Farrell's worst sin in this department probably comes in Jackie Bradley's first callup this season. He went 0-for-4 in his first game, 0-for-4 in his next start a full three days later, and 0-for-3 in his third start with a gap just as large in-between. But frankly, that was when the team still had a chance. They were bouncing around .500 at the time, and Bradley, lest we forget, had a career OPS of about .550 at the time. When the Sox were basically out of it, in the last couple weeks before Farrell's diagnosis, Bradley started game after game. He did this in spite of starting 1-for-19. And then, while Farrell was still at the helm, Bradley started mashing, putting up a 1.158 OPS over those last six games.

Look, I'm not going to tell you John Farrell is a perfect manager. I'm not even going to tell you he's particularly great. He makes some questionable in-game and lineup decisions, absolutely. And while it's hard to lay blame at his feet over Ben Cherington's for the persistence of certain underperformers in 2015, he might well give a bit too much leeway to certain players.

But if Torey Lovullo had started the season in charge over John Farrell, I imagine the Red Sox' record would be much the same now. If John Farrell was still healthy and in charge, he would be presiding over this resurgence the same as Lovullo is now. And, frankly, Farrell might well be the reason this team is even functioning as well as it is right now. Look at the 2012 Red Sox, or the 2015 Nationals. When teams underperform, particularly those with big payrolls and the high-paid players that come with them, they tend to implode dramatically.

That hasn't happened in Boston this year or last. These players were not at eachother's throats come August. When Adrian Gonzalez, Carl Crawford, Josh Beckett (and, yes, Nick Punto) set off for Los Angeles in 2012, they seemed as relieved to be leaving as we were to be getting rid of their contracts. Here's what happens when one of John Farrell's players leaves for Los Angeles:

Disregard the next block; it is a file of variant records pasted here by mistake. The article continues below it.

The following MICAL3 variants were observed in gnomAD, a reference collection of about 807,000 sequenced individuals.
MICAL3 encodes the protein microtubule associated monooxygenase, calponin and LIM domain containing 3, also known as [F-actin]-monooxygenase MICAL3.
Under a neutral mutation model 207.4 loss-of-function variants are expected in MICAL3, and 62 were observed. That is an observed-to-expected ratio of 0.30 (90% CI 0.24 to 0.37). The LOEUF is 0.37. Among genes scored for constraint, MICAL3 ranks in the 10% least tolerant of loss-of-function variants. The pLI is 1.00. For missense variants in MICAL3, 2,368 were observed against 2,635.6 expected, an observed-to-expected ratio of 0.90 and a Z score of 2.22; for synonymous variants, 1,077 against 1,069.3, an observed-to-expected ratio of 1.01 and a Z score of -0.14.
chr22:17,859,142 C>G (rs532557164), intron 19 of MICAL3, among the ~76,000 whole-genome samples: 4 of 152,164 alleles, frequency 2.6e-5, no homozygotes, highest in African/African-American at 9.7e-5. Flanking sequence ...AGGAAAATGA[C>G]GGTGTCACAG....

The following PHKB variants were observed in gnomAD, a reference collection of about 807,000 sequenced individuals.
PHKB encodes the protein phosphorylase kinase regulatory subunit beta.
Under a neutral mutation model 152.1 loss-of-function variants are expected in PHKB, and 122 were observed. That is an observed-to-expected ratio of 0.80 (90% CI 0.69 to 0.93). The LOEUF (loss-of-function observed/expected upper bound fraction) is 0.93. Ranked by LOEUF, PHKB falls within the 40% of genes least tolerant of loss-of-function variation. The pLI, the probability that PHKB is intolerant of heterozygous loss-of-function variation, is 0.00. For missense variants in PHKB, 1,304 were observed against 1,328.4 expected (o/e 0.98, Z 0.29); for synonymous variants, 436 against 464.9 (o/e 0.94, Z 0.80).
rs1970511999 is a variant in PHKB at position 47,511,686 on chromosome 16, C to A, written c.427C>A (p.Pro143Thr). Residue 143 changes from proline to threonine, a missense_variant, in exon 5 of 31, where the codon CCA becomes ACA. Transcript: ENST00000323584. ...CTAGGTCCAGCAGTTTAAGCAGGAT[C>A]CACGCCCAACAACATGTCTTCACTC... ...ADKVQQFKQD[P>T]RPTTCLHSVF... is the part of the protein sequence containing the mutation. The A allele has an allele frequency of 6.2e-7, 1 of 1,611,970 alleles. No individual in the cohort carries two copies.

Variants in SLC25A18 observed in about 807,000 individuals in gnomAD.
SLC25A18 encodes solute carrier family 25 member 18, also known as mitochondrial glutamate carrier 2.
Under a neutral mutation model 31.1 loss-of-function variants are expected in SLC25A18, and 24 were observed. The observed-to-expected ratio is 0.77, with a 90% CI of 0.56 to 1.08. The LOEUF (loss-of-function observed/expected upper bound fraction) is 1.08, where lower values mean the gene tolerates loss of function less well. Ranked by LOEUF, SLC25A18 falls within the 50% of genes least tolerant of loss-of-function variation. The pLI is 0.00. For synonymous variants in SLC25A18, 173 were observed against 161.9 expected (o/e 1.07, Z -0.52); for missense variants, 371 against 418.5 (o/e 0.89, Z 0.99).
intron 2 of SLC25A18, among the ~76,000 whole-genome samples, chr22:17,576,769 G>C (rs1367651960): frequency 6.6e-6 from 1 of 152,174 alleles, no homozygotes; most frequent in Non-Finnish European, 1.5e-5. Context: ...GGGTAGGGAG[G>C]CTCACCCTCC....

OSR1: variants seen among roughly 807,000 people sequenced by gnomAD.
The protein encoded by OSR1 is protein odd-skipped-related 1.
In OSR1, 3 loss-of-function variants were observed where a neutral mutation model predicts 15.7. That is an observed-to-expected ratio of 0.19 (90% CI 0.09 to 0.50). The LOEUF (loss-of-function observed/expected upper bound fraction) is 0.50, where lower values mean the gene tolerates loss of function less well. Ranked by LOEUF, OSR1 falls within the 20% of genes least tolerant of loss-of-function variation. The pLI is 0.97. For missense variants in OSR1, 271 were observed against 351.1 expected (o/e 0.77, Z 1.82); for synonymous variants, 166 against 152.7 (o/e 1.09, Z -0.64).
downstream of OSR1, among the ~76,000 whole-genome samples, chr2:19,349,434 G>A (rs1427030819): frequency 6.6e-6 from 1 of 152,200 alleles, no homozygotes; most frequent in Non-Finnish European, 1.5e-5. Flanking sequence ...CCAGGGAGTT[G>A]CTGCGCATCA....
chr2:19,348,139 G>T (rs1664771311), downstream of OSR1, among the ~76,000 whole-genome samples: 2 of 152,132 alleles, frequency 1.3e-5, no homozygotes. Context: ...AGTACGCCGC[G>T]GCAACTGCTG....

Managers don't make the difference between a winning and losing team so long as they're not deliberately engaging in sabotage.  A team that's good enough to win will win, and it takes one awful manager to ruin the atmosphere cultivated by success. On the flip side, it takes a good manager to overcome the gloom that losing brings and keep the team running smoothly, making it somewhere free agents want to come and homegrown players want to stay.

There's been plenty of talk that Dave Dombrowski has taken over just in time to reap the benefits of the foundation Ben Cherington laid. That certainly underplays Cherington's free agent failures, but it's not entirely untrue. Torey Lovullo is in many ways riding that same wave, and he's able to do so because the team he inherited was not one that had succumbed to infighting and finger pointing, but one that, with a little help, was set to rally behind their manager.

John Farrell will be back in 2016, health permitting. Not just because it's terrible PR and downright inhuman to fire him under the circumstances, but because his performance doesn't actually merit a dismissal. If, God forbid, he isn't, then Torey Lovullo is a fine candidate to succeed him. But Lovullo's run with Boston should earn him a different managerial position, not that of the man who set him up for success.